In the same way that a savvy online dater will ensure their photos are current, you need to keep your profile up to date and fresh as investors may be keeping an eye on you from a distance. Add regular (weekly is a good idea) updates on new customer wins, new hires, new partnerships, and sales results. Keep giving investors reasons to come back and take another look. Maybe they weren’t sure the first time, so keep showing them you deserve a second look.
A first meeting
Once you’ve that first date in the diary, get ready to wow them. First meetings are as crucial as first dates. Chemistry is always at play, so you need to ensure you’re prepared so you can relax and be yourself when you finally meet.
We always recommending researching your ‘date’ before you meet them. Find out what else they’ve invested in or what boards they sit on. Ensure you can show them you’ve taken the time to learn a bit about them.
This will make it easier to break the ice and also to find out why they decided to make previous investments, so that you can tailor your pitch to them.
You also need to dress the part – we’re all getting so comfortable with video calls that it’s becoming the norm to be at least half clad in your pjs, but some studies show that your clothing choice can affect your performance, so take a bit of time to put on your Sunday best – it might just be the difference between a good pitch and a great pitch.
The final preparation point is to know your numbers. Don’t just rely on your charm, make sure you know your numbers because you’re very likely to be asked about them and, in many cases, to justify them. It’s worth ensuring they roll off the tip of your tongue and are justifiable.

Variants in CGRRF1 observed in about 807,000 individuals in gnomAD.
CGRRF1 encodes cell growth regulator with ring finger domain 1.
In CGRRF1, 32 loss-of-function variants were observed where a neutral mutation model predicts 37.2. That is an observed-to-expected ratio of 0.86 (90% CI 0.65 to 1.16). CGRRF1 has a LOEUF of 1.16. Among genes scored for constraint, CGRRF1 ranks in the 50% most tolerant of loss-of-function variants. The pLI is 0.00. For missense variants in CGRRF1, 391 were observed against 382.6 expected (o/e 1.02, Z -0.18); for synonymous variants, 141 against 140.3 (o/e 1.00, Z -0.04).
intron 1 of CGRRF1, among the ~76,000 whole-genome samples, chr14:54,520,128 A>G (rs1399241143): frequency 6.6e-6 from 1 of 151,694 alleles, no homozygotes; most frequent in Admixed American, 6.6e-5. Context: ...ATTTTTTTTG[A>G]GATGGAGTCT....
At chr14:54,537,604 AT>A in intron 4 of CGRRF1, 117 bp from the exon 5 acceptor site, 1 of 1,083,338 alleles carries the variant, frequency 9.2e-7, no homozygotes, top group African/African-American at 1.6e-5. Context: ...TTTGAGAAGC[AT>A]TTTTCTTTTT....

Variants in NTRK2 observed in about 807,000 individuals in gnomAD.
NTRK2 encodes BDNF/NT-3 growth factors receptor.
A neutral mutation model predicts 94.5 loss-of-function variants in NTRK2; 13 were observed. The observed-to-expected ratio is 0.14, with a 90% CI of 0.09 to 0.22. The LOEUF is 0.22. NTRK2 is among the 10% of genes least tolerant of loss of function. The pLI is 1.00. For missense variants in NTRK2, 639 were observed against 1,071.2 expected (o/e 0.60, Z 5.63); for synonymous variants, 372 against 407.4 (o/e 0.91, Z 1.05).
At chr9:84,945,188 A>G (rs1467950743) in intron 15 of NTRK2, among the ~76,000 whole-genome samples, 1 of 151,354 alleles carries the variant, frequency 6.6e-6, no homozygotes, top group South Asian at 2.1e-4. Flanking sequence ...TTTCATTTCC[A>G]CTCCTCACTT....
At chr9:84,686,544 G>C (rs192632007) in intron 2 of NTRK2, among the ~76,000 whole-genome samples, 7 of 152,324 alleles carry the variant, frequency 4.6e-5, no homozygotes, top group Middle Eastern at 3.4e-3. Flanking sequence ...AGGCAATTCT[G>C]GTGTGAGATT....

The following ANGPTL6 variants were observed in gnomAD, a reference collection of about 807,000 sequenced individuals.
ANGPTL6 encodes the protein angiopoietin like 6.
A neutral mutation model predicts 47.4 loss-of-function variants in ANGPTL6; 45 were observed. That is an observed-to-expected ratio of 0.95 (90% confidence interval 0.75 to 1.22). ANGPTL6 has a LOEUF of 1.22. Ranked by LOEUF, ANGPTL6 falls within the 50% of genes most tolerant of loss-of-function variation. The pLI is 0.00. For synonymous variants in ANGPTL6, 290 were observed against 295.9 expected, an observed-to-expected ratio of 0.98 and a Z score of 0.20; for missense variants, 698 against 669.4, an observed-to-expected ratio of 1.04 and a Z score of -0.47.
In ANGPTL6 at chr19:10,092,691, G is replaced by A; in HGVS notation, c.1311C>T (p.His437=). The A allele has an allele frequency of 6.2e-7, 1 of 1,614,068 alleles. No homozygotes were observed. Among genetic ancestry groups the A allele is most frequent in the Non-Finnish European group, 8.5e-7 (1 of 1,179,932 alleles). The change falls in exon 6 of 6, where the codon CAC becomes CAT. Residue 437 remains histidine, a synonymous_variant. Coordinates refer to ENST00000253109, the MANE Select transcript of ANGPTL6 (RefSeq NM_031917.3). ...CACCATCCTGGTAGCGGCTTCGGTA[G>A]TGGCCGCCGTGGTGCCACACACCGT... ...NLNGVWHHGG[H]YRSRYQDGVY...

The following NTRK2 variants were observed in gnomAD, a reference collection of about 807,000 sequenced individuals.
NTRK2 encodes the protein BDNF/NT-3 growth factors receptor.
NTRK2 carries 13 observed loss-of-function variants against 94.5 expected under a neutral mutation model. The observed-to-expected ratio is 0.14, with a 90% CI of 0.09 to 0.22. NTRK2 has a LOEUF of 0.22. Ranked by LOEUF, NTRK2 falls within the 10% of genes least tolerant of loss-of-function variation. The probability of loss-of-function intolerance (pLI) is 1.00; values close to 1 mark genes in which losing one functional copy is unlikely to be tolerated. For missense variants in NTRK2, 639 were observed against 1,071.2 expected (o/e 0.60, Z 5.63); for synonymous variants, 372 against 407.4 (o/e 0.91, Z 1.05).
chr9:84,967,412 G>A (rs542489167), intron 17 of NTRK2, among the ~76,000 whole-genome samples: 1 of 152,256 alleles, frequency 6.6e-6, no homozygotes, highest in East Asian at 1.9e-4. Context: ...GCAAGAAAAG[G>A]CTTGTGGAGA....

We also recommend trying on your date’s shoes. Not literally, of course. The point is to consider the investor’s perspective. You know your business is great, but they are still deciding. Keep in mind their goal is to get their money back, so they need to believe you are capable of delivering the growth you are promising and that your exit strategy — the bit where they get their money back — is sound. Like savvy singles who have friends at the ready to make an ‘emergency get out of date phone call’ investors walk into a room backwards, they are looking for reasons not to invest but if you listen well to what they ask you and say, and respond clearly and transparently, you just might get that second date.
The change to online investing is good for everyone. It makes it easier for investors to find and assess deals, and for businesses, it means more eyes on the profile you’ve created. SMEs handling this new approach well will find a perfect match and chemistry with their investor(s).
ABOUT THE AUTHOR
Chantelle Arneaud is from Envestors.Envestors’ digital investment platform brings together entrepreneurs and investors across geographies, communities and sectors – creating the single marketplace for early stage investment in the UK.